The structure of time: language, meaning and temporal cognition

Evans, Vyvyan (2006) The structure of time: language, meaning and temporal cognition Human cognitive processing . John Benjamins, Amsterdam, Netherlands. ISBN 902722367X

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Abstract

One of the most enigmatic aspects of experience concerns time. Since pre-Socratic times scholars have speculated about the nature of time, asking questions such as: What is time? Where does it come from? Where does it go? The central proposal of The Structure of Time is that time, at base, constitutes a phenomenologically real experience. Drawing on findings in psychology, neuroscience, and utilising the perspective of cognitive linguistics, this work argues that our experience of time may ultimately derive from perceptual processes, which in turn enable us to perceive events. As such, temporal experience is a pre-requisite for abilities such as event perception and comparison, rather than an abstraction based on such phenomena. The book represents an examination of the nature of temporal cognition with two foci: i) an investigation into (pre-conceptual) temporal experience, and ii) an analysis of temporal structure at the conceptual level (which derives from temporal experience).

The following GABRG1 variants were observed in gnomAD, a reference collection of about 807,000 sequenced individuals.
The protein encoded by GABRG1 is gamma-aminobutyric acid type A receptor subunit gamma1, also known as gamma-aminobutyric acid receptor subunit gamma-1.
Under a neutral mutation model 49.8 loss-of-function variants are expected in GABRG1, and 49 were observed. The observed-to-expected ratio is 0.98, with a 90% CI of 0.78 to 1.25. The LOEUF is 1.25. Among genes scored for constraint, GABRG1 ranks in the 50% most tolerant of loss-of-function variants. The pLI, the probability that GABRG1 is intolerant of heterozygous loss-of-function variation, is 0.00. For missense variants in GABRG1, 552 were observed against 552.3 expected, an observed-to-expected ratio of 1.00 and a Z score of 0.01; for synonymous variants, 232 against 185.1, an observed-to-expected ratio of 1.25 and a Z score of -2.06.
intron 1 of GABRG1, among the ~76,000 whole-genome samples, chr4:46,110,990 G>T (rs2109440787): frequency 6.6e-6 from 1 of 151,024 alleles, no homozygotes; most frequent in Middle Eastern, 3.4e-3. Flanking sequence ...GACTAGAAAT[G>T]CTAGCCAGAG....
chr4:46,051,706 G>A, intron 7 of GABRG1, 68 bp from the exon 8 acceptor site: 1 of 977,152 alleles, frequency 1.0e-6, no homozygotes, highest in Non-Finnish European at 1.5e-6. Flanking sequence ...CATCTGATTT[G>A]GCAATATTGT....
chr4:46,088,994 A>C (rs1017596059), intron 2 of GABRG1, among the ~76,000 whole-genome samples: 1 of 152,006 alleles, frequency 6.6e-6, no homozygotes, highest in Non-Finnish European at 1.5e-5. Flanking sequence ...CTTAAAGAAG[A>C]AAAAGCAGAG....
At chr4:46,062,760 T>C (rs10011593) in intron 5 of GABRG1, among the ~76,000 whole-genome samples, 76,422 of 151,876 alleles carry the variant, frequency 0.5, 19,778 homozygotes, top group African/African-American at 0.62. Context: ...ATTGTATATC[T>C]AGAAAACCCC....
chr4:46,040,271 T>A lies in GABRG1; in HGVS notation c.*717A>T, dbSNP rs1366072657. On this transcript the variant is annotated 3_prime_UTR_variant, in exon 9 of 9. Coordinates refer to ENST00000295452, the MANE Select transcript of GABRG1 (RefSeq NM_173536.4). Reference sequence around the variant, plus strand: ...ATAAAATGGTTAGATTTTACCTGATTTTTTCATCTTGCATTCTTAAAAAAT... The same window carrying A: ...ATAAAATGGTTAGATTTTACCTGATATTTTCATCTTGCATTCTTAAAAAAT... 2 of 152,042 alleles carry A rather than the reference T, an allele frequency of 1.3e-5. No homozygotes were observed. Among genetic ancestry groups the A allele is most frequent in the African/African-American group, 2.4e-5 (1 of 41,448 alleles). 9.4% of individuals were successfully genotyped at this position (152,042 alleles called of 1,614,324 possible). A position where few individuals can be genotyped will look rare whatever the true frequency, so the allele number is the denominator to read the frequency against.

Item Type: Authored book
Subjects: Q000 Languages and Literature - Linguistics and related subjects > Q100 Linguistics
Faculties: Faculty of Arts > School of Humanities
Depositing User: Languages Editor
Date Deposited: 15 Nov 2007
Last Modified: 27 Feb 2014 16:37
URI: http://eprints.brighton.ac.uk/id/eprint/2131

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